There are books out there where you just cinch with the characters. You fall head over heels with their flaws, their quirks, the way their personalities mesh together. That was the case for me here. I loved alpha Colton with his growls, protective night runs to Parker's window, cute over-eagerness to mark and claim with bracelet accidents, spilled sodas on shirts, all kinds of creative ways to subtly mark Parker until he actually can. The overabundance of marking everything was funny, but it worked considering he's a lycan, and I loved every minute of it. Then you enter submissive Parker who's picked on at school but awesome in personality, looking up with his big doe eyes at the dominant Colton, and everything's just an exhilarating, heady mix from there. Handclaps and paw shakes all around.
If you took away 10 sex scenes from this book, you wouldn't even notice them missing if you re-read, and if you were reading for the first time and it was missing these same scenes, you'd still think to yourself that, Damn. This book has a LOT of sex scenes. Because once they finally come together after giggly exciting buildup, its almost nonstop from there. Too much actually. After awhile it loses its effectiveness.
BUT the buildup to this was a lot of fun - with Parker not knowing who they were, the different dating and obsessive buildup, the sweetness of the relationship - they were the winning parts of this novel. There's a minor plot in there somewhere, kind of, but it's drowned out. The first part of this book was my favorite and I've already re-read key parts after the book has been finished. The second part has more of a key with pack buildup and structure, but the first half still stole the show.
They seriously talk too much during, and that just makes me cringe more than anything. The dialogue during their almost constant bedroom play was painful to me, but otherwise - big kudos points, especially the shower/locker encounter, the first kiss in the car, and I loved the neck claiming.
The other characters work too - the two tagalong friends/pack members, the distant parents, quirky best friend, all worked to make this book the fun enjoyment it was. Seriously couldn't put it down.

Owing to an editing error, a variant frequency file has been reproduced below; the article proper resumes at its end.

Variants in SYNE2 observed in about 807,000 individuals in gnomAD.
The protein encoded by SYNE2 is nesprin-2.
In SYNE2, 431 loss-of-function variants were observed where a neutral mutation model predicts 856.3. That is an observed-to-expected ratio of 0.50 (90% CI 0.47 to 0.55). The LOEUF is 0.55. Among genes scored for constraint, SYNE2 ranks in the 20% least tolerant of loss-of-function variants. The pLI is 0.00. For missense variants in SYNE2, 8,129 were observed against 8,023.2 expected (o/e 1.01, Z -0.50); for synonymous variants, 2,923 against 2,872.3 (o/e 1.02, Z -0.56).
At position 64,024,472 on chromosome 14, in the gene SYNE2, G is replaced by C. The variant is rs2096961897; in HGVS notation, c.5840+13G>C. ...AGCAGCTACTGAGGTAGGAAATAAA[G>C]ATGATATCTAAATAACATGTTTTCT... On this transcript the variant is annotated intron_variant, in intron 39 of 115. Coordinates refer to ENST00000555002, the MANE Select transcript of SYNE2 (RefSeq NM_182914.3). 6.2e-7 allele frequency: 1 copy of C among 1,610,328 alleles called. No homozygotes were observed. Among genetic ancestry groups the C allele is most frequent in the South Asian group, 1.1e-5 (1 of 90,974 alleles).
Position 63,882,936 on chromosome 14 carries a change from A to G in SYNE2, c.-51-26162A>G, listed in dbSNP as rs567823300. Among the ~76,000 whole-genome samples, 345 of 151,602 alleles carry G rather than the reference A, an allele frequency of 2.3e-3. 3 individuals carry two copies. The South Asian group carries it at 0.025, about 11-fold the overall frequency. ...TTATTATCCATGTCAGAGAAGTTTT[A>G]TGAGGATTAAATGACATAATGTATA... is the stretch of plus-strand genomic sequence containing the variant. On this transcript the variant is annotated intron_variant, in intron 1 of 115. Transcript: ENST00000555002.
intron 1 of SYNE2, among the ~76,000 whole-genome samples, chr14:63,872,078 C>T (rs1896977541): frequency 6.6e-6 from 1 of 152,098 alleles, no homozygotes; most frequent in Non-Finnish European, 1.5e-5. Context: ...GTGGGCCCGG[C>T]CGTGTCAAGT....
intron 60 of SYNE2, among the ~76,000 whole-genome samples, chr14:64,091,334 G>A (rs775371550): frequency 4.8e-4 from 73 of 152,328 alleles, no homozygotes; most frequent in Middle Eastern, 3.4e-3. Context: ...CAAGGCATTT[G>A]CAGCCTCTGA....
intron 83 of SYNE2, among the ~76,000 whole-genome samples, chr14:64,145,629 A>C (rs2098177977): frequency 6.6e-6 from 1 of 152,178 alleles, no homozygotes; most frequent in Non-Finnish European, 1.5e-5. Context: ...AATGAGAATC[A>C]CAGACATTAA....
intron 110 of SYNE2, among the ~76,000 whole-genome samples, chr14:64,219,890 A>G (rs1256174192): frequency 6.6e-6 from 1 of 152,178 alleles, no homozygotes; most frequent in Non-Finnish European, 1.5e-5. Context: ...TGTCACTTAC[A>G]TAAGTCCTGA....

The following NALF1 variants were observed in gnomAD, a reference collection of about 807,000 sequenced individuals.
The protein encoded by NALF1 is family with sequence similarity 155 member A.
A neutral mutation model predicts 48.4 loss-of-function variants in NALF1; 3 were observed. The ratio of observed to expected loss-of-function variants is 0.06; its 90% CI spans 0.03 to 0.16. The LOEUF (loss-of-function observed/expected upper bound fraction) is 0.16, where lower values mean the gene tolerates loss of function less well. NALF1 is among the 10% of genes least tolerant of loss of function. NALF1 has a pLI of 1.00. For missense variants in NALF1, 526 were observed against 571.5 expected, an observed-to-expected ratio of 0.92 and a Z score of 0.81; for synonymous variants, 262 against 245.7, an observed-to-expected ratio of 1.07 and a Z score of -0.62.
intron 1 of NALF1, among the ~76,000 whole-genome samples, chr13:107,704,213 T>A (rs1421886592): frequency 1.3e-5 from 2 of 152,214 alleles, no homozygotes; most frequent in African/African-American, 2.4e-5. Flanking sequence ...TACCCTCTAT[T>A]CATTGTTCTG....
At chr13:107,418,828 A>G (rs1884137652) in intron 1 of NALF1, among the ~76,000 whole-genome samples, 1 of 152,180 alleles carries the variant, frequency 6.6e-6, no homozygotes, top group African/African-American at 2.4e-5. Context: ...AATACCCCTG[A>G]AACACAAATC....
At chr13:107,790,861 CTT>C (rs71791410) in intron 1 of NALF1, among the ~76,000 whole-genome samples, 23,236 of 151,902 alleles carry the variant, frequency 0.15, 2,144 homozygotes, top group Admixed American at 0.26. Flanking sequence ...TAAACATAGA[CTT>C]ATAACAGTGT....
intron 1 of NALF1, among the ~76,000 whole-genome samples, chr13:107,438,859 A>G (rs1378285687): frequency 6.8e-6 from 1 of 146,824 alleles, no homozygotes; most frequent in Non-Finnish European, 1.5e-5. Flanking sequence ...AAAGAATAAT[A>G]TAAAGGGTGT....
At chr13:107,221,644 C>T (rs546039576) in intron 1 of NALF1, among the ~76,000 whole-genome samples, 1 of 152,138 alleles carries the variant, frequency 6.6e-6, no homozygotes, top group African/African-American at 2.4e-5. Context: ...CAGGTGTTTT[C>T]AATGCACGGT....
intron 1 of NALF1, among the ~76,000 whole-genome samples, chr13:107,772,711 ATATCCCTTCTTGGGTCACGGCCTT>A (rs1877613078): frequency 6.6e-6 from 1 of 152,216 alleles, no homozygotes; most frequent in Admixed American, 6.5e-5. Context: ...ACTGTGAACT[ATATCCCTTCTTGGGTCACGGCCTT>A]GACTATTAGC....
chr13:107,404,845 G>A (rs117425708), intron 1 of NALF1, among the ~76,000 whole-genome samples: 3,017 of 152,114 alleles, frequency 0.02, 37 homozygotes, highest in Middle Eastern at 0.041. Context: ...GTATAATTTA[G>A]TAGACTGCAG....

I'm usually not a fan of pack hierarchy, but I do love mated pairs quite a bit, so it worked here deliciously well. I'm always into the whole top/bottom thing too so the author wrote this pairing convincingly.
Not just steam, there's heart, and that always works.
I missed Diana Rowland's writing - she puts genuinely laugh-out-loud funny lines in the middle of top-notch, nail biting action scenes. She does the u I missed Diana Rowland's writing - she puts genuinely laugh-out-loud funny lines in the middle of top-notch, nail biting action scenes. She does the unusual twist of taking a character you once liked and making you despise them the next book (or vice versa). This isn't a perfect book, but it's close to five star rating.
I dig Kara - she's great to friends, loyal, fair, doesn't pick on people for their differences, has a fun sense of humor and realistic self-esteem. On the negative side, she gets too cocky in the face of an enemy and irritates me with taking too much joy fawning when she gets the power - brings my opinion of her down. I didn't like a change in this book with her powers either, hope she returns to normal next book. To me that was a huge part of the main character - and since it's first person POV, if she can't do it anymore, *I* can't experience the uniqueness anymore either.
Surprising betrayal about a family member, but at least I never cared much about that person anyway. Mzatal blended into the background, barely there, and I'm over that. Really I thought the scene where he and Kara decided what he must do for the sake of saving the worlds was the worst written scene in the book - rang false, making them both seem one dimensional.
Rowland likes to get one attached to a potential relationship bubble and then pop it with a sudden jab of a freakishly sharp and huge needle the next book over. Since I go a year between reading these, I can emotionally disconnect a little but I can't imagine reading these books and getting that slap in the face book-back to book-back. You may need a swipe or two of shipping anesthesia.
But toss the previous demon lord intrigues aside, they're old news, I adored Pellini. He tugged on my heartstrings with his awkwardness, loyalty, and just....cute, unassuming charm. I never jumped on the other demon lord bandwagon anyway (it was oddly clinical), although I'm not saying that's over, for it certainly isn't for Kara. Not saying it's over in the books but my loyalties are stirred and shaken.
Ryan is sadly rarely around. Zack may end up less unlikeable than he actually was. There's a twist in the end, could go all sorts of directions.
As always lots of twist and turns - old things twisted to make surprises, new things popping up to bring forth further complication. The book progresses the story but I can see parts that were a little bit filler as well, for there's little progression in the main story arc. We instead get subtle bumps to existing players.
That said, Rowland's writing style is such fun that her words addict me. Kara's internal monologue is cleverly amusing. Some plot regression flaws aside, loved revisiting Kara's world and can't wait to revisit it again. ...more